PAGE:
2016 lifestyle Nature

5 House Plants for the Supremely Neglectful

February 15, 2016
I’m still not sure whether it’s an acquired skill or not, but I am endlessly jealous of people with green thumbs. I grew up around plants because my mother is an avid gardener, but I still have managed to kill more than one cactus plant in my life, and those are notoriously low maintenance. However, my desire to live in a veritable indoor jungle has not lessened one bit.

Who doesn’t want to be surrounded by overflowing vines and leafy pots in every window?

 

Not to mention that some plants purify the air around you, thereby making you more radiant and successful in basically every way possible. So in the spirit of New Year’s resolutions, I’ve decided that I will turn my thumb into a green one. As it turns out, you can’t just buy a low-maintenance plant and then never do anything again. It seems obvious, but even low-maintenance plants need a few things every now and then. Once I realized that, I’ve been doing pretty well. I’m no expert yet, but I’ve learned a few things in the process. If you, like me, struggle with taking care of house plants, I’ve put together a list of a few of the easiest ones, and what you need to do to not kill them. Scroll through to find out what they are and click here to style your bathroom with the perfect plants!
1. Snake plant
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The snake plant, also known as mother-in-law’s-tongue, is a striking plant that is also super reasy to take care of. This plant is number on on the list because it is REALLY hard to kill. It literally thrives on neglect. Went out of town for two weeks and didn’t water it? Great. Forgot to move it into direct sunlight for an hour or two? It’ll probably grow more. If you forget that it exists for a month, nothing bad will happen. Nothing. In terms of care, the snake plant likes indirect sunlight and dry soil, which means that it’s a good plant to put in your bathroom, or a spot in your bedroom that is bright but never gets sunlight shining directly onto it. If it gets too much direct sunlight, the plant will get a sunburn (aww!). Let the soil get nice and dry between waterings, and when you do water it, don’t soak the soil. It doesn’t need too much.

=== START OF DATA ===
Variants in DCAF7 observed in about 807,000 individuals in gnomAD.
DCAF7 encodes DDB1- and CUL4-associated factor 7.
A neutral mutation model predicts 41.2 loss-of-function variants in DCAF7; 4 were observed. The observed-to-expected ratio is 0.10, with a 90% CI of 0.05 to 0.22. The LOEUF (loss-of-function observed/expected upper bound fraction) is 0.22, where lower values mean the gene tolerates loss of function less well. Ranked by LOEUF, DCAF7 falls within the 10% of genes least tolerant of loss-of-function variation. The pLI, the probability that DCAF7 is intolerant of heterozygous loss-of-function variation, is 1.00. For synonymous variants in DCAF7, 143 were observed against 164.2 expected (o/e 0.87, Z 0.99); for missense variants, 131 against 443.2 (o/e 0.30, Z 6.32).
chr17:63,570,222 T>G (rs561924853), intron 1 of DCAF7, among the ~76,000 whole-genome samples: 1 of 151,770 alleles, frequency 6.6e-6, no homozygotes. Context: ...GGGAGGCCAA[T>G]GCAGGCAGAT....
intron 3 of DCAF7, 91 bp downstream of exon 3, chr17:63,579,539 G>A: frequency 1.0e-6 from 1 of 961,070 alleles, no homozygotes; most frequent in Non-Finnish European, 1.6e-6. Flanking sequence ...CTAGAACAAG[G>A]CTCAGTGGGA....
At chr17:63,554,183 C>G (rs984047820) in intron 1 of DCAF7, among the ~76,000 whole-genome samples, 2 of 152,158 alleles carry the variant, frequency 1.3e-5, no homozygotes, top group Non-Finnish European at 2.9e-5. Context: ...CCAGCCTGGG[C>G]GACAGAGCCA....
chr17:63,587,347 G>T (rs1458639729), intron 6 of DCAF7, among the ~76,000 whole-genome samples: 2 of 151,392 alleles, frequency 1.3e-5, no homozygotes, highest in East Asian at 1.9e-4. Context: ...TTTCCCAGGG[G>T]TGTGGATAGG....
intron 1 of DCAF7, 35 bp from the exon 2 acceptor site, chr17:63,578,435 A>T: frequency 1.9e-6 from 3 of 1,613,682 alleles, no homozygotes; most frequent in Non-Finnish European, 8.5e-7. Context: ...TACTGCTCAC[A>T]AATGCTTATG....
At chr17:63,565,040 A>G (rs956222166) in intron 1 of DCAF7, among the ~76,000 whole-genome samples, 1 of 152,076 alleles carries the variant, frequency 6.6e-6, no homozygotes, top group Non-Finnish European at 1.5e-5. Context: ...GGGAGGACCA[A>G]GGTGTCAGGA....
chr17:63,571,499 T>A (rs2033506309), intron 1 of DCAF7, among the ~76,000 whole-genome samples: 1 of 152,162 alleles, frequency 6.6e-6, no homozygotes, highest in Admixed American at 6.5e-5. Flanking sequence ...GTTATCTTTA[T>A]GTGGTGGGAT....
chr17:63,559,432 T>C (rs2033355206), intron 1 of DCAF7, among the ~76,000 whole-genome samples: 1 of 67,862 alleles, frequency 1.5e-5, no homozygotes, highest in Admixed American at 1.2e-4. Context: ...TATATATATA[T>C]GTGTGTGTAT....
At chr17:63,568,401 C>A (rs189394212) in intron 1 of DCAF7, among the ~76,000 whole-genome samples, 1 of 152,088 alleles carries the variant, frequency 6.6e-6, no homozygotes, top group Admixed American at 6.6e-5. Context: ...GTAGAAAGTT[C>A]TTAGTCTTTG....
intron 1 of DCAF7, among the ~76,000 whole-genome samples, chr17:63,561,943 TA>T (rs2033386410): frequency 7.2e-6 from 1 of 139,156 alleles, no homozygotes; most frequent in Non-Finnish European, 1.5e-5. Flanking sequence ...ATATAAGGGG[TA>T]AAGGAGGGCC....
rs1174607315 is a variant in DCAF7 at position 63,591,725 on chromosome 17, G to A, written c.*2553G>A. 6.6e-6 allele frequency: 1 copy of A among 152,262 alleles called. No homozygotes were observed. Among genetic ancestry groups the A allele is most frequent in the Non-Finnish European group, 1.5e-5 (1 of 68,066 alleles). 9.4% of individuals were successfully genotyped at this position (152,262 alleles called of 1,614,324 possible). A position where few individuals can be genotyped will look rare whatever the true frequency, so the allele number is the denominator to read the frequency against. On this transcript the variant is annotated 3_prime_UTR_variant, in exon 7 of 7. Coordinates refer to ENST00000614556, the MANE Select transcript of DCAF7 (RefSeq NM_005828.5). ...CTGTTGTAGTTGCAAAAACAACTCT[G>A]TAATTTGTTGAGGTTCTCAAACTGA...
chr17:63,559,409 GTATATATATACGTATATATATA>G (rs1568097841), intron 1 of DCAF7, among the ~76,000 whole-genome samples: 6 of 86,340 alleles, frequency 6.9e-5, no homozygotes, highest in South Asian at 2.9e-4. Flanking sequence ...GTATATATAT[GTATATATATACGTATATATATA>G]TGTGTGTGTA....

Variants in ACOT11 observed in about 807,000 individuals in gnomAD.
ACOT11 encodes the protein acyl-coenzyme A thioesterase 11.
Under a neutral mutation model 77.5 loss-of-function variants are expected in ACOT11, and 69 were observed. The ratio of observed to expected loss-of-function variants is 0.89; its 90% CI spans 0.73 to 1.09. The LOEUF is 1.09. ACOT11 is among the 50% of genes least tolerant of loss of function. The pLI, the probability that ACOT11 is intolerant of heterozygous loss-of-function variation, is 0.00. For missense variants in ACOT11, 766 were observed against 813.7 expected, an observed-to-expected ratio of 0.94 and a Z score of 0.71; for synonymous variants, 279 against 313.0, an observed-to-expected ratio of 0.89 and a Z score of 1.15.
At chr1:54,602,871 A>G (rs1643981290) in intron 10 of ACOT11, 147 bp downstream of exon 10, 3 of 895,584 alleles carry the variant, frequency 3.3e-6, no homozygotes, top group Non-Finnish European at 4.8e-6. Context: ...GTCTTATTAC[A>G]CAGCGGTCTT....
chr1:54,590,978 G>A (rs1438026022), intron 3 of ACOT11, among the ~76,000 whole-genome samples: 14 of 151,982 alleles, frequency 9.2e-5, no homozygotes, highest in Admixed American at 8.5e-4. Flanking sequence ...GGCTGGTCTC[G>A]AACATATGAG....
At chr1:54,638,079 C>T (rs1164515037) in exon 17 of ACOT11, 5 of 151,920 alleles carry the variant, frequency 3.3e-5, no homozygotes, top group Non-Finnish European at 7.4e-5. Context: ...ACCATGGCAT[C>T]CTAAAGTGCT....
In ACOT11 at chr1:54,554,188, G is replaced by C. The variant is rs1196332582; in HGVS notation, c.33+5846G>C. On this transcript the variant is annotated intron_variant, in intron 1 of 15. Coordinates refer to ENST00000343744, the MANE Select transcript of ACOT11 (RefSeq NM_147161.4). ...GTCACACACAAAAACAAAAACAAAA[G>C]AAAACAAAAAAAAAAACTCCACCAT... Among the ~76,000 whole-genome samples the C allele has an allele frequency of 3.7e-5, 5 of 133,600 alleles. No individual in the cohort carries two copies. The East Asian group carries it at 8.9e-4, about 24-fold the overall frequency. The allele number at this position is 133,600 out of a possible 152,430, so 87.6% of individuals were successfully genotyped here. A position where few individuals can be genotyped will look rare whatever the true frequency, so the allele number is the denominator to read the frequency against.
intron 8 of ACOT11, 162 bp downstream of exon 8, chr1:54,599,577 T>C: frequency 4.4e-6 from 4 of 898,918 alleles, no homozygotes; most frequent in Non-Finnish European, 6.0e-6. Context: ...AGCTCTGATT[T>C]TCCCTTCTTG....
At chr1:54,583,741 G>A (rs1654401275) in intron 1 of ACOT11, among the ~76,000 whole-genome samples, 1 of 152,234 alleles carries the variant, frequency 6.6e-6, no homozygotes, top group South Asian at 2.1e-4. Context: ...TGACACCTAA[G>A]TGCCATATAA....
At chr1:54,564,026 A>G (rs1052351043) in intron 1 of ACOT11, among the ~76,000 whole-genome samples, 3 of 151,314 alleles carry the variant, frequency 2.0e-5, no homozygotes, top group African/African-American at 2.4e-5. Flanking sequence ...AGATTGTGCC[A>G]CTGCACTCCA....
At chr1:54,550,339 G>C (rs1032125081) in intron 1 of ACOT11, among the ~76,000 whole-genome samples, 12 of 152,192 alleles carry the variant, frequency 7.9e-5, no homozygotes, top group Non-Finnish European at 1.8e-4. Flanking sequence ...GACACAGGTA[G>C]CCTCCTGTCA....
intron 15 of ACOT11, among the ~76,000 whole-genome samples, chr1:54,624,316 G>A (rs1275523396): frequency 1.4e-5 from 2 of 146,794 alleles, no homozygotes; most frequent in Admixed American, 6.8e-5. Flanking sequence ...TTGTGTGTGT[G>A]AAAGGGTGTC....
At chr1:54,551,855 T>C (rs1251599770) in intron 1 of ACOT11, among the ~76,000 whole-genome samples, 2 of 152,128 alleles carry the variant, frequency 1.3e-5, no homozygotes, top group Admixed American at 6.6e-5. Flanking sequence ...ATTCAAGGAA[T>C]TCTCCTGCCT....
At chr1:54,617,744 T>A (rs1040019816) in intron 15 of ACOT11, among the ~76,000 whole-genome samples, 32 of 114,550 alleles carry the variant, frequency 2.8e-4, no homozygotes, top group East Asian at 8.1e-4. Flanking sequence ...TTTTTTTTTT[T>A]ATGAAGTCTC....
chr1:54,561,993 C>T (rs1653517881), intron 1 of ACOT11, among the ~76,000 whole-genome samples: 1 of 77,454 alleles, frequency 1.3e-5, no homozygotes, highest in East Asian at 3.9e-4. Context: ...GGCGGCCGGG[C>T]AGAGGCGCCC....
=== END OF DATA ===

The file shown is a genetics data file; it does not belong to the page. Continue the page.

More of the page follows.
2. Pathos

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Pothos is pretty much as easy to take care of as the snake plant, except they need a little more water. They do well in anything from low to bright indirect light, and need light watering once a week or so. Another really cool thing about them is the way their root systems work. Each stem of the plant actually has a separate root system, so you can a take a clipping of the plant, put it in some water, and eventually it will sprout a new root system and then you have a new pothos plant! (However, since water has no nutrients, they shouldn’t really stay in water for more than a couple months.) I have one of these on my beside table next to a window, and it’s doing really well.

3. Assortment of succulents

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I know, earlier I said I’ve killed multiple cacti, but I have since learned the error of my ways. Just because they are desert plants doesn’t mean you can stick them in a window that gets direct sunlight, never water them, and meet great success. Succulents generally prefer bright light, but light that is too direct can burn them. If they are getting too much light, they will turn yellowish. If they’re not getting enough light, they will literally start to reach towards what little light they do have, making them look stretched out. (The scientific gardener term for this is “etiolation,” if you were curious.) During the spring and summer, water them once a week or so. Unlike the snake plant, you really want to soak the soil, so take them to the kitchen sink and gently run water through the soil until it’s dripping out the bottom of the pot. Leave it to drain, and then return the plant to its window. In the winter, succulents only usually need to be watered every other month since they’re not doing much growing.

4. Aloe Vera

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This one also takes indirect light. Also, it pulls formaldehyde out of the air and purifies it! The leaves also store liquid that is great for distressed skin, so if you’re in a pinch you can break a leaf or two open on a mature plant for a sunburn. (Personally, I’d rather not. I don’t know about you, but thinking about deliberately damaging my plant doesn’t sit very well with me.) Aloe plants should be watered the same way that you would water your succulents – deeply, and allowing them to drain out in the sink. Let the soil dry out in between waterings. A good way to test this is to stick your finger a few inches into the soil. If the soil sticks to your fingers, it doesn’t need to be watered. If it’s crumbly and dry, you might want to water the aloe. Not only is the aloe plant a chill plant to look after, but it has great health benefits too! Check out detailed info here.

5. Spider plant

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The spider plant is interesting because as it matures and develops, it sprouts tiny babies from the mother plant that hang over the side. It’s creepy and weirdly fascinating. Spider plants do best in bright, indirect lighting, and slightly cooler spots in your house. They also like moist soil (not drenched, and it’s important that you drain them out in the sink as well), and drying out between waterings. Once it is happy enough to start making its own babies, you can separate them from the mother plant in a process that I don’t really understand yet and is better explained here.

What are your favorite leafy friends? Do you have a green thumb? Share your secrets in the comments! Happy gardening!

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